Can the UN offer relief to hard-pressed Syrians?

A Turkish tank heads towards the Syrian border, in Karkamis. Ismail Coskun / IHA via AP
A Turkish tank heads towards the Syrian border, in Karkamis. Ismail Coskun / IHA via AP

Many have referred to Turkey’s move to push back ISIL fighters in a strip along the Syrian-Turkish border as game-changing. Yet the move was not so much an attack on ISIL but more one to stifle Kurds and Kurdish-held areas. The threat was too much for Recep Tayyip Erdogan, Turkey’s president, and his reaction was to join the Syrian theatre of war. But will this move create a humanitarian disaster?

Hitting the Kurds will only strengthen ISIL, one of many dilemmas facing Mr Erdogan who is straining to keep cordial relations with the United States.

Some would argue that the Kurds – with the help of the US – have taken so much of northern Syria that they can almost grasp the autonomous Kurdish state they have long craved.

Yet now, with no cross-border trade at all, ISIL fighters are about to starve. Not only will food become difficult to find – as we will have to assume that Turkey will block the border, fearing it will end up feeding its enemies – but they will also no longer be able to buy arms and ammunition. And perhaps most importantly, foreign fighters will no longer be able to arrive.

Completely closing the ISIL supply route is the right move to make. Kurds will not be affected by it, but ISIL will be hit hard. The snag is that innocent civilians will also starve.

Perhaps now is the time for the West – and in particular the US – to lean on the UN.

The UN could grasp the nettle and change the shameful dynamics that have so far stopped US and EU-backed humanitarian food drops in Syria because they don’t have Bashar Al Assad’s approval.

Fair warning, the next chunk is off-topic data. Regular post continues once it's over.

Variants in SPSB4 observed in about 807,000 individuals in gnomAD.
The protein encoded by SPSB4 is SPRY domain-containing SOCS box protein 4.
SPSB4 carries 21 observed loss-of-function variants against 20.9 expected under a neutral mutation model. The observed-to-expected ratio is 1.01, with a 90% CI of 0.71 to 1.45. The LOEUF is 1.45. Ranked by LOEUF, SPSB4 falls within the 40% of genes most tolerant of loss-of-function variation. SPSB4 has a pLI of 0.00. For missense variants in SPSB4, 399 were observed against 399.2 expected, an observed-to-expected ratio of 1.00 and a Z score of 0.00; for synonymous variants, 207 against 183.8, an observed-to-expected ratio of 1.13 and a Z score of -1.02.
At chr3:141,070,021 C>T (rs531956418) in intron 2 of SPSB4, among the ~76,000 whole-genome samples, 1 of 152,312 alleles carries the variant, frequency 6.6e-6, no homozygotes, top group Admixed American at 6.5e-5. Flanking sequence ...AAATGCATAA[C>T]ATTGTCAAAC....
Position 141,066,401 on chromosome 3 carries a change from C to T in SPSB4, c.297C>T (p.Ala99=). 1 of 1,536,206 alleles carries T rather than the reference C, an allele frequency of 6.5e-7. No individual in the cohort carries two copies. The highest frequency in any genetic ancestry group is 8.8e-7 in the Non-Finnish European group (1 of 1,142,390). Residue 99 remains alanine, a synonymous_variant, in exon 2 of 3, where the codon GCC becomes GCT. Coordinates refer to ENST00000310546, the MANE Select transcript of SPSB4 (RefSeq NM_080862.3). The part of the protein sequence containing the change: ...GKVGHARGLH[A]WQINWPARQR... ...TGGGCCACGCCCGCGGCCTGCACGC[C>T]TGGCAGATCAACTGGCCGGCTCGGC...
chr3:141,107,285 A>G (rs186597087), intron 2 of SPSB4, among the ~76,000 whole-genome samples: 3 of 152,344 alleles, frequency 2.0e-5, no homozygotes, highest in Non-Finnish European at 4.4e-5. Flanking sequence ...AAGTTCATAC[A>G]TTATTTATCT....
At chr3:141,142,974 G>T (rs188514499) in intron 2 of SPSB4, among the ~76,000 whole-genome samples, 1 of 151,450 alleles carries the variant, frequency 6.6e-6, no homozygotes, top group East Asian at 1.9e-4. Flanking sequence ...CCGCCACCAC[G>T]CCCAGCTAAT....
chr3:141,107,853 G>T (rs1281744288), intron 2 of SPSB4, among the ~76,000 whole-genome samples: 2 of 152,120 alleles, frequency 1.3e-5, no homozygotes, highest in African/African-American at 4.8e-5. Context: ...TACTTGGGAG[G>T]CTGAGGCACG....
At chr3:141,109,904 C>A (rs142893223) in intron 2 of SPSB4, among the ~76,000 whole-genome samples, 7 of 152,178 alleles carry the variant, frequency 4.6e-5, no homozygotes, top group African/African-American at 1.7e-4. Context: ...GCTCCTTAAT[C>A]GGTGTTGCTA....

The Syrian president plays a smart game with NGOs and UN staff in Damascus. Many worry that if they push the government harder to get into besieged areas, their visas will be revoked.

Yet some believe that Mr Al Assad is ready to play a more diplomatic game now with the West. David Miliband, head of the International Rescue Committee, believes that the Syrian leader is ready to trade more with the West.

“The Assad regime can’t afford to kick the UN out of Damascus. The UN is feeding so many of Assad’s own people,” he said. This prompts the question: is the UN ready to now take the lead on humanitarian sorties?

On its own, of course it is not. But with the right push from an outgoing US president, it is not a great leap of the imagination to assume that the West could steer the UN in the right direction.

Of course, this creates a new dilemma in the chequered Syrian conflict: who is more of an enemy to Assad – the Kurds or ISIL? It also provokes consideration of another more awkward scenario: only if Turkey moves to take much more ground in Syria will aid reach ordinary Syrians.

But in a week when the EU said it can no longer take any more Syrian refugees, doesn’t the West at least owe the Syrian people a little lobbying of the UN?

Martin Jay is a freelance Beirut correspondent for a number of UK titles and the German broadcaster Deutsche Welle

On Twitter: @MartinRJay

Published: September 7, 2016 04:00 AM

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